Musings on the Art of Writing

As a child, I discovered fantastic worlds created in books. When I began writing about the worlds of my own imagination, I realized how hard authors work to set their characters free to live for our enjoyment. This blog will explore that weird and wonderful process.

Thursday, May 27, 2010


My agent sent me a list of publishers who have recently rejected my Sceptre of Terran-Gayle manuscript. Not suitable was their only comment. I could rail about what is suitable and what is not but I won't. I will do what I usually do, pick up the pieces and continue to write and submit. Why? Good question. The only answer is: I have no other choice. I'd go mad if I didn't write down the stories in my head.

I've been receiving rejection letters for over 30 years so you'd think I would have either gotten used to the pain or given up. But no, it is the odd personal letter from a publisher that keeps me doing what I love to do. My picture book, Mama's Big Black Umbrella, was on the 'perhaps' pile for months before being returned. I was elated by that rejection. It meant I got close. Last summer, Terran-Gayle made it through several editorial committees before being rejected. The publisher loved my writing style but in the end, it was 'not right for them'.

Why do my manuscripts miss out?

For one, I don't write main stream fiction or non-fiction. I wrote fantasy before J.K. Rowlings picked up a pencil and yet I am told I shall never compete with her. I have no intention of doing so. My fantasies spring from my love of history so that is where I base them. I've researched medieval culture and witch hunts so my stories have a sense of time as well as place. Historical fantasy seems to describe my work best but today I am working on a science ficiton/fantasy so no wonder publishers find my work unsuitable. They can't classify it. What can't be shelved in a bookstore, won't sell. I understand that.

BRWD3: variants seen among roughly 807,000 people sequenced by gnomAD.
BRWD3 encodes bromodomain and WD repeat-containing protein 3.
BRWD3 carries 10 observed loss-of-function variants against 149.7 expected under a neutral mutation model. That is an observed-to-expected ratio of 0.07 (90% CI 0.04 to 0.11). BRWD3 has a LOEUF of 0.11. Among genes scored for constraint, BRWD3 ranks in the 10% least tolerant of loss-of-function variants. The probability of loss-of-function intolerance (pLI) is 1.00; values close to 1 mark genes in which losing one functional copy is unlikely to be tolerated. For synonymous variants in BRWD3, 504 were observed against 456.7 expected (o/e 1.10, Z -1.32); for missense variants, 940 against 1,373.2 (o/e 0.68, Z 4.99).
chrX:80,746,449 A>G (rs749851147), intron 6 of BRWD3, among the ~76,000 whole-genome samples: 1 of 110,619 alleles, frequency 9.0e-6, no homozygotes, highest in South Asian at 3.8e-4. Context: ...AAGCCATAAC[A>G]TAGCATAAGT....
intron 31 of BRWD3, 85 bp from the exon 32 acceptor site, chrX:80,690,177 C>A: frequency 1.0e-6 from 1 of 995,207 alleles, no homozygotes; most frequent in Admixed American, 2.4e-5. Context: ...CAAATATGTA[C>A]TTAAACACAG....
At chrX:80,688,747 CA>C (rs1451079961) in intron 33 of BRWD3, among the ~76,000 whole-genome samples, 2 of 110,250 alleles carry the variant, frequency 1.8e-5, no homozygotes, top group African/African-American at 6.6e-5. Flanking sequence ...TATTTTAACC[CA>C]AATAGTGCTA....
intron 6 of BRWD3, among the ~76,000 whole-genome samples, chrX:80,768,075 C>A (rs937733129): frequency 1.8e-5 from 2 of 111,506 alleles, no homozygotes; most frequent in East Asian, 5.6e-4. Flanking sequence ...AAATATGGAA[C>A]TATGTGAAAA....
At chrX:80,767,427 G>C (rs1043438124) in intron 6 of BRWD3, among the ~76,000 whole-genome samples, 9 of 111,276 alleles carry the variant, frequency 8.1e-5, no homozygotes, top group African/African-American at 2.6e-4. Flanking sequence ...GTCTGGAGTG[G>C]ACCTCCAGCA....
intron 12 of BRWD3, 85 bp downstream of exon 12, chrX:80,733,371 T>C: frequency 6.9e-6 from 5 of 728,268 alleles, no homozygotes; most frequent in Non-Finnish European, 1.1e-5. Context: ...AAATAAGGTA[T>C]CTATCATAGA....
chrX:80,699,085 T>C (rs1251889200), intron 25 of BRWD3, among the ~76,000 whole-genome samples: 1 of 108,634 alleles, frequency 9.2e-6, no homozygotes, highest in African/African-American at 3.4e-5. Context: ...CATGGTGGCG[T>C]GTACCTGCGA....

Will I stop writing? No. Will I stop submitting my work? Probably not. So rejection is in my future as it was in my past and, as it was today. Tomorrow I pick up the pieces and continue.

Friday, May 21, 2010

It was the best of times, it was the worst of times

It is only fitting I should begin this blog with a quote taken from 'Tale of Two Cities' by Charles Dickens. Most think this is the first sentence of the book but it is only two phrases of a much longer one. In fact, Dickens continues in this same vein for a whole paragraph!

I first read 'Tale of Two Cities' when I was in Grade 7 and it inspired me to believe I could also write. I had always told stories -- some outright lies, some tales from my imagination. It seemed like a good idea to write them down for others to enjoy. My school teachers encouraged me with good marks, praise, and special writing projects. Little did they know the writing life I desired was fraught with such wonderful elation and such deep depression.

I began my career with a pencil and pad of foolscap. Just the name of the paper should have alerted me to the game I had chosen to play. Any fool can write; it takes an educated fool to write well. I honed my skills through years of scribbling stories and poems on scraps of paper. Finally, I taught myself to compose at a typewriter. Computers freed me to take risks with my prose and to actually edit rigorously.

Writing for me has always been about the best of times and the worst of times. I love the excitement of a new project, the researching of ideas, the developing of characters, the flow of dialogue, and the burst of description that comes to one in a flash. But, when the story is done, I must switch gears and become analytical, scientific even. Gone are the long sentences that would have made Dickens proud. Gone is the flowery language. Gone are the repetitions and the words that one loves to use.

Why can't 'undulate' appear where ever I wish?

Right now, I'm in the middle of editing a book I wrote years ago as a trilogy. I'm determined that the first book of the series stands alone. It is called the Quest of Balthasar and is a fantasy/science fiction novel for young adults. I will share my trials and tribulations of the editing process in this blog. It might also help me sort out what really matters and what is just fluff.